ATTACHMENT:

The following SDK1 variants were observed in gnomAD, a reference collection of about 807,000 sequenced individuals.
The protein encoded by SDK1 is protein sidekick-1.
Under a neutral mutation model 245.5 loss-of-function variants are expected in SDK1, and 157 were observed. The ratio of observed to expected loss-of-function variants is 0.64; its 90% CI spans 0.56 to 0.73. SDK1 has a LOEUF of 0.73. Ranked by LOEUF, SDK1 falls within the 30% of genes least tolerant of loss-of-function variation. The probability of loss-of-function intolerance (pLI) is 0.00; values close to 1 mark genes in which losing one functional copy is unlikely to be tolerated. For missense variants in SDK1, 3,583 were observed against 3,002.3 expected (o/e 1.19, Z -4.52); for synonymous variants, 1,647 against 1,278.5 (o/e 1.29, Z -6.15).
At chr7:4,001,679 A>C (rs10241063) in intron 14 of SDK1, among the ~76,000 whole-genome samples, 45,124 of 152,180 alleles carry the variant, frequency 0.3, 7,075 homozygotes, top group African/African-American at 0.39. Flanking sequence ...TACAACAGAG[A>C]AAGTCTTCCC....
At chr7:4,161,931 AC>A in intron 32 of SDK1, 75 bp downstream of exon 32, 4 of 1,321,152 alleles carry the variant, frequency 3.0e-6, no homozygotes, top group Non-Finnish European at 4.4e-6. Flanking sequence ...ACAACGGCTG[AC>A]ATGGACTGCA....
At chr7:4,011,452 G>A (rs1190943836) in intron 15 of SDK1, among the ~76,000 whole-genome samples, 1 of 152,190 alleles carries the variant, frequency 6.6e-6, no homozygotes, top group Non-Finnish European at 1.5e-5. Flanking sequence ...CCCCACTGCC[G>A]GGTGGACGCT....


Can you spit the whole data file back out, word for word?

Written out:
The following SDK1 variants were observed in gnomAD, a reference collection of about 807,000 sequenced individuals.
The protein encoded by SDK1 is protein sidekick-1.
Under a neutral mutation model 245.5 loss-of-function variants are expected in SDK1, and 157 were observed. The ratio of observed to expected loss-of-function variants is 0.64; its 90% CI spans 0.56 to 0.73. SDK1 has a LOEUF of 0.73. Ranked by LOEUF, SDK1 falls within the 30% of genes least tolerant of loss-of-function variation. The probability of loss-of-function intolerance (pLI) is 0.00; values close to 1 mark genes in which losing one functional copy is unlikely to be tolerated. For missense variants in SDK1, 3,583 were observed against 3,002.3 expected (o/e 1.19, Z -4.52); for synonymous variants, 1,647 against 1,278.5 (o/e 1.29, Z -6.15).
At chr7:4,001,679 A>C (rs10241063) in intron 14 of SDK1, among the ~76,000 whole-genome samples, 45,124 of 152,180 alleles carry the variant, frequency 0.3, 7,075 homozygotes, top group African/African-American at 0.39. Flanking sequence ...TACAACAGAG[A>C]AAGTCTTCCC....
At chr7:4,161,931 AC>A in intron 32 of SDK1, 75 bp downstream of exon 32, 4 of 1,321,152 alleles carry the variant, frequency 3.0e-6, no homozygotes, top group Non-Finnish European at 4.4e-6. Flanking sequence ...ACAACGGCTG[AC>A]ATGGACTGCA....
At chr7:4,011,452 G>A (rs1190943836) in intron 15 of SDK1, among the ~76,000 whole-genome samples, 1 of 152,190 alleles carries the variant, frequency 6.6e-6, no homozygotes, top group Non-Finnish European at 1.5e-5. Flanking sequence ...CCCCACTGCC[G>A]GGTGGACGCT....